This youth hub is a much more comprehensive proposal than the council’s current plans for a youth hub. The idea seems to be strengthening existing services and bringing them together in an integrated network.

These services would be guided by a joint board including representatives of the NT Government, Tangentyere Council, Gap Youth Centre, Child Friendly Alice, Children’s Ground, Lhere Artepe, the Town Council, schools and “other key local groups”.

The time frame is to have facilities across the region opened by July of next year. Total budget: $35m.

Number 2 is more typical of this kind of future planning  – Key Infrastructure Upgrades, identified as improved internet coverage, power and flood infrastructure, and road sealing across the region (Outback Way, Tanami Road) to allow greater connectivity, uptake of solar technologies (by a majority of businesses and residents), and improved self-sufficiency.

“Communications technology is a particular priority in bridging the gap for remote communities.”

Total budget: $140m.

One specified deliverable is about playing catch-up: “Revive and complete flood mitigation work done by DIPL to date, as identified by the Alice Springs Flood Mitigation Committee” – amazing that something so critical to the town’s survival could have been allowed to drift in the way it has been.

If this group can galvanise energy and resources around its deliverables the region will be transformed.

Timeframe: design and construction of approved projects by 2023.

Number 3 is the National Aboriginal Indigenous Cultural Centre & Gallery. It shows that the lessons of the NT Government’s National Aboriginal Art Gallery process, a divisive debacle, have been learned.

CARGO is proposing a steering group jointly chaired by Mparntwarenye (belonging to Mparntwe) custodians and the National Indigenous Cultural Centre (NICC).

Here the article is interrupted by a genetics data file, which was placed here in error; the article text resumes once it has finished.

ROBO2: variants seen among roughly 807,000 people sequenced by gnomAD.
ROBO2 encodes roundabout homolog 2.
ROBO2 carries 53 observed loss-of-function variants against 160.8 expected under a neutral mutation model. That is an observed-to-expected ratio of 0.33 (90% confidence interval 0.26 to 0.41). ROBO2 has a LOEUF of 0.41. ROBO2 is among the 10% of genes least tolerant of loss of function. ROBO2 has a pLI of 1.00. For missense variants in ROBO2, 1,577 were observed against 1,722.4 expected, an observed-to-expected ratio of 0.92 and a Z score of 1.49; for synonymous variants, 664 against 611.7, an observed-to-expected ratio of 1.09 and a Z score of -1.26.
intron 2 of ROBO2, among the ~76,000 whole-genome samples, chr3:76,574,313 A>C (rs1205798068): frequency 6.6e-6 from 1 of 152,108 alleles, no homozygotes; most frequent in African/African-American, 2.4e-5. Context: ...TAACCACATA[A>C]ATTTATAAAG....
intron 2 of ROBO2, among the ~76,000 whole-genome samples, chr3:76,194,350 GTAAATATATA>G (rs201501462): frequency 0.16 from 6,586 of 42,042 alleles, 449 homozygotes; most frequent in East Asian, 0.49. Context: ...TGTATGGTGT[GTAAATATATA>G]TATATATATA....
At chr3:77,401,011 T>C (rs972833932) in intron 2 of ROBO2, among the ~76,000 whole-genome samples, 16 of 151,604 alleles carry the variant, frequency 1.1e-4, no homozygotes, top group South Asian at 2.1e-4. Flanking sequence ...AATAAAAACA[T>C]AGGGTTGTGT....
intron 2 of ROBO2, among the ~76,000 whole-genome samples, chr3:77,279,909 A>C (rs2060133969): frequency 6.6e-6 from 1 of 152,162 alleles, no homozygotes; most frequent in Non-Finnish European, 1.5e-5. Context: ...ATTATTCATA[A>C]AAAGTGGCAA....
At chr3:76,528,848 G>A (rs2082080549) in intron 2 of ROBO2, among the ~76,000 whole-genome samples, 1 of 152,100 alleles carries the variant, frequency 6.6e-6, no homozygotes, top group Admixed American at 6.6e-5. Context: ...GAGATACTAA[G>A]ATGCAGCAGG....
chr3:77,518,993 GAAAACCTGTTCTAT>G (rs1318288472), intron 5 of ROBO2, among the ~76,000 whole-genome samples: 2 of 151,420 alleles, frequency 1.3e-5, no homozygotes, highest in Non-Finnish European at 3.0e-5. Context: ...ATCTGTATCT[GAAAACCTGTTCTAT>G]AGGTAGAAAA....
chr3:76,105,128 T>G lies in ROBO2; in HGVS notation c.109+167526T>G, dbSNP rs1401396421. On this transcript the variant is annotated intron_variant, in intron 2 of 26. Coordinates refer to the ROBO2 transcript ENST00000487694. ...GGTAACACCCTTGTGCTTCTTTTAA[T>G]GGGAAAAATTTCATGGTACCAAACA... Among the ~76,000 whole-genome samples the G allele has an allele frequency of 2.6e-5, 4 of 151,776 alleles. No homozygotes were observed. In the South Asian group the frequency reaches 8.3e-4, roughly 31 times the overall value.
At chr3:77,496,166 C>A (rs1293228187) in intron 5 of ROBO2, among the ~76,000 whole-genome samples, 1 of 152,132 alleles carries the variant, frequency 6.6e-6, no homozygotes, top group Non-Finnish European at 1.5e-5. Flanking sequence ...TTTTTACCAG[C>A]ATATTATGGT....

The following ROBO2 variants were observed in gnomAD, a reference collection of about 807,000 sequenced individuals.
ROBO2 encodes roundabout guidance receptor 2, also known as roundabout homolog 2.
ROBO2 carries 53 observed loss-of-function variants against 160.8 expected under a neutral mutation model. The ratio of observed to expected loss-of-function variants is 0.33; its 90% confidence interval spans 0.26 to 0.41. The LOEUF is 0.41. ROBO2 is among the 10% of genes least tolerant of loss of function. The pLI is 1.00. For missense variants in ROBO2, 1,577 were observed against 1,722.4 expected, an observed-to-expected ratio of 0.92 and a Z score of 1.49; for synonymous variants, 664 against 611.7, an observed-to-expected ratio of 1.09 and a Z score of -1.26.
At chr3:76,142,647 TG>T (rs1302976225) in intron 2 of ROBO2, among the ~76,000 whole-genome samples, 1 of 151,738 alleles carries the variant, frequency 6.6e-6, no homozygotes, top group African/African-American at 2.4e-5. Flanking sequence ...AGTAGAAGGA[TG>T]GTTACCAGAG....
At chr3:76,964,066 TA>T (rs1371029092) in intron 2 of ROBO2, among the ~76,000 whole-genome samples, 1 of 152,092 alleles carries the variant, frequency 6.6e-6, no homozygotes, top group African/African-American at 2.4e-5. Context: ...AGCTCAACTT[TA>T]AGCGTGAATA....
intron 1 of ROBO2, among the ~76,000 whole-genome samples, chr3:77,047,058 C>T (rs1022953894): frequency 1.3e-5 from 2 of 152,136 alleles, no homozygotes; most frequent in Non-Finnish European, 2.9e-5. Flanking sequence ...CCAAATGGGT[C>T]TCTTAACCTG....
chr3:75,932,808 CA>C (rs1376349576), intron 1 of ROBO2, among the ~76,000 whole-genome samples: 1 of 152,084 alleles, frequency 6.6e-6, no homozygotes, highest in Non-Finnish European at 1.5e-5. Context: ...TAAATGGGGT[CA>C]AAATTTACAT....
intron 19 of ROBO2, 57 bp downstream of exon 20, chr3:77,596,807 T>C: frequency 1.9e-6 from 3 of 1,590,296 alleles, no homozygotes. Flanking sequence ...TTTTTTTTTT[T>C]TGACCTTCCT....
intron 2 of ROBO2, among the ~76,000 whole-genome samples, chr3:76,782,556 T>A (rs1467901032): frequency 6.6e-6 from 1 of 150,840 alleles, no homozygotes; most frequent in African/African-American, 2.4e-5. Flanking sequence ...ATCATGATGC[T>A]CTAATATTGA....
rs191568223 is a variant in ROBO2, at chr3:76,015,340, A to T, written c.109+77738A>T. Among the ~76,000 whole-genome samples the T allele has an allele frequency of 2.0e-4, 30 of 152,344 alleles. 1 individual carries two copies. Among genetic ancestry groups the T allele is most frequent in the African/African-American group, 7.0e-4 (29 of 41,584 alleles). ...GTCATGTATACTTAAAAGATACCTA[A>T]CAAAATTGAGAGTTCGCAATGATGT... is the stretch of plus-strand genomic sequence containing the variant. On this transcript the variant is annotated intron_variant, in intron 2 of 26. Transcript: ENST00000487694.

Other “stakeholders” on the committee would include appropriate Aboriginal and non-Aboriginal representation; representatives from the Australian Government, NT Government and Alice Springs Town Council; national and international experts in the fields of tourism, cultural knowledge, gallery design and marketing; the Regional Councils and Lhere Artepe; representatives from the  Central Australian community and relevant organisations, and from Desert Knowledge Precinct, Desert Park, and the Town Council “for locational considerations”.

The aim is to “provide a nationally recognised space for the exploration of Aboriginal Human Expression, through dance, art, theatre, song, music, fashion, film, literature, language, framed by the narratives of significant national songlines, alongside symposiums on anthropology, history, architecture, agriculture, social development and economic futures.”

Total budget: $350m, of which $20m is already to hand through the NT Government’s commitment to NICC.

There are no assumptions around a single building providing this space or around location. The lion’s share of the budget – $250m – is described as being for “central and remote facilities construction across Central Australia”.

Number 4 is about developing a model of “Fit-for-purpose housing” for “a cross-section of people transitioning from crisis accommodation, or requiring independent but safe, secure and supported accommodation”.

The client groups are women and children escaping domestic and family violence; people with a mental health diagnosis; young people; and people leaving custody with no fixed address.

There is a bit of cross-over between this project and Number 5 which is a “Desert Living Community Model”. In Number 4 the idea is to develop six housing centres across the region, based upon a pilot village, which could be  at the Desert Knowledge Precinct as part of the Desert Living Community Model.